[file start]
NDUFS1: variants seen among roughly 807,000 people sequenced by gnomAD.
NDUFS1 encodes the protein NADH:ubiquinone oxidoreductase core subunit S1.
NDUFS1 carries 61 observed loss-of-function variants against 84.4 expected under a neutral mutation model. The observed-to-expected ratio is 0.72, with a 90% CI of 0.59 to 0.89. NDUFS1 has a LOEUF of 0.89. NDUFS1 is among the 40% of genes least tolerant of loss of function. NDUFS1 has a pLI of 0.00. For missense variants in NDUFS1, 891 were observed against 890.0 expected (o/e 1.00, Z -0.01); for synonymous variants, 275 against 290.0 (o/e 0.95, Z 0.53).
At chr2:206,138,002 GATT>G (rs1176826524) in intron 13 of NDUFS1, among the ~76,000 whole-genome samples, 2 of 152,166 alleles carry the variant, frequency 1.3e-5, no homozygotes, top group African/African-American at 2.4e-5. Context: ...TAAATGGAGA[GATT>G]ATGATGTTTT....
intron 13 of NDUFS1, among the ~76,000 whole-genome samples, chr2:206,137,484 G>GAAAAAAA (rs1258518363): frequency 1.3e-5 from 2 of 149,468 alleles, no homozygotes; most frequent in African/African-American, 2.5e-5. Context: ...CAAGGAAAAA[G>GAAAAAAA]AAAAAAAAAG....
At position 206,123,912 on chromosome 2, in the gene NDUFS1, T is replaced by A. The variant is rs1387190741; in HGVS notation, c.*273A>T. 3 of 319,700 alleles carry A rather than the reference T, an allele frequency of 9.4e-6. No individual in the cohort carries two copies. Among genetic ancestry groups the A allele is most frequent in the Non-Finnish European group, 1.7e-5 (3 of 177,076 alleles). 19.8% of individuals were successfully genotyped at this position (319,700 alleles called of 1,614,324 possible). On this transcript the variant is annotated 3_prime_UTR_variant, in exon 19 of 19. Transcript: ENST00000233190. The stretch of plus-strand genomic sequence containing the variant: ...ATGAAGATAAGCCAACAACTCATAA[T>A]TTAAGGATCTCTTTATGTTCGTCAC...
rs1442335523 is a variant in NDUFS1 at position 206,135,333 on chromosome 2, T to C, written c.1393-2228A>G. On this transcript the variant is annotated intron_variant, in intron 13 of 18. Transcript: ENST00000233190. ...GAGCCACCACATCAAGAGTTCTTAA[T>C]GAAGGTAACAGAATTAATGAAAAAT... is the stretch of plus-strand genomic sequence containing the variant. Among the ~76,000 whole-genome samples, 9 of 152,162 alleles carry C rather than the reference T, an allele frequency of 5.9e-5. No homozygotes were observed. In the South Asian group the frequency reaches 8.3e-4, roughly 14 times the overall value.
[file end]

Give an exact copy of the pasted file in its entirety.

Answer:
NDUFS1: variants seen among roughly 807,000 people sequenced by gnomAD.
NDUFS1 encodes the protein NADH:ubiquinone oxidoreductase core subunit S1.
NDUFS1 carries 61 observed loss-of-function variants against 84.4 expected under a neutral mutation model. The observed-to-expected ratio is 0.72, with a 90% CI of 0.59 to 0.89. NDUFS1 has a LOEUF of 0.89. NDUFS1 is among the 40% of genes least tolerant of loss of function. NDUFS1 has a pLI of 0.00. For missense variants in NDUFS1, 891 were observed against 890.0 expected (o/e 1.00, Z -0.01); for synonymous variants, 275 against 290.0 (o/e 0.95, Z 0.53).
At chr2:206,138,002 GATT>G (rs1176826524) in intron 13 of NDUFS1, among the ~76,000 whole-genome samples, 2 of 152,166 alleles carry the variant, frequency 1.3e-5, no homozygotes, top group African/African-American at 2.4e-5. Context: ...TAAATGGAGA[GATT>G]ATGATGTTTT....
intron 13 of NDUFS1, among the ~76,000 whole-genome samples, chr2:206,137,484 G>GAAAAAAA (rs1258518363): frequency 1.3e-5 from 2 of 149,468 alleles, no homozygotes; most frequent in African/African-American, 2.5e-5. Context: ...CAAGGAAAAA[G>GAAAAAAA]AAAAAAAAAG....
At position 206,123,912 on chromosome 2, in the gene NDUFS1, T is replaced by A. The variant is rs1387190741; in HGVS notation, c.*273A>T. 3 of 319,700 alleles carry A rather than the reference T, an allele frequency of 9.4e-6. No individual in the cohort carries two copies. Among genetic ancestry groups the A allele is most frequent in the Non-Finnish European group, 1.7e-5 (3 of 177,076 alleles). 19.8% of individuals were successfully genotyped at this position (319,700 alleles called of 1,614,324 possible). On this transcript the variant is annotated 3_prime_UTR_variant, in exon 19 of 19. Transcript: ENST00000233190. The stretch of plus-strand genomic sequence containing the variant: ...ATGAAGATAAGCCAACAACTCATAA[T>A]TTAAGGATCTCTTTATGTTCGTCAC...
rs1442335523 is a variant in NDUFS1 at position 206,135,333 on chromosome 2, T to C, written c.1393-2228A>G. On this transcript the variant is annotated intron_variant, in intron 13 of 18. Transcript: ENST00000233190. ...GAGCCACCACATCAAGAGTTCTTAA[T>C]GAAGGTAACAGAATTAATGAAAAAT... is the stretch of plus-strand genomic sequence containing the variant. Among the ~76,000 whole-genome samples, 9 of 152,162 alleles carry C rather than the reference T, an allele frequency of 5.9e-5. No homozygotes were observed. In the South Asian group the frequency reaches 8.3e-4, roughly 14 times the overall value.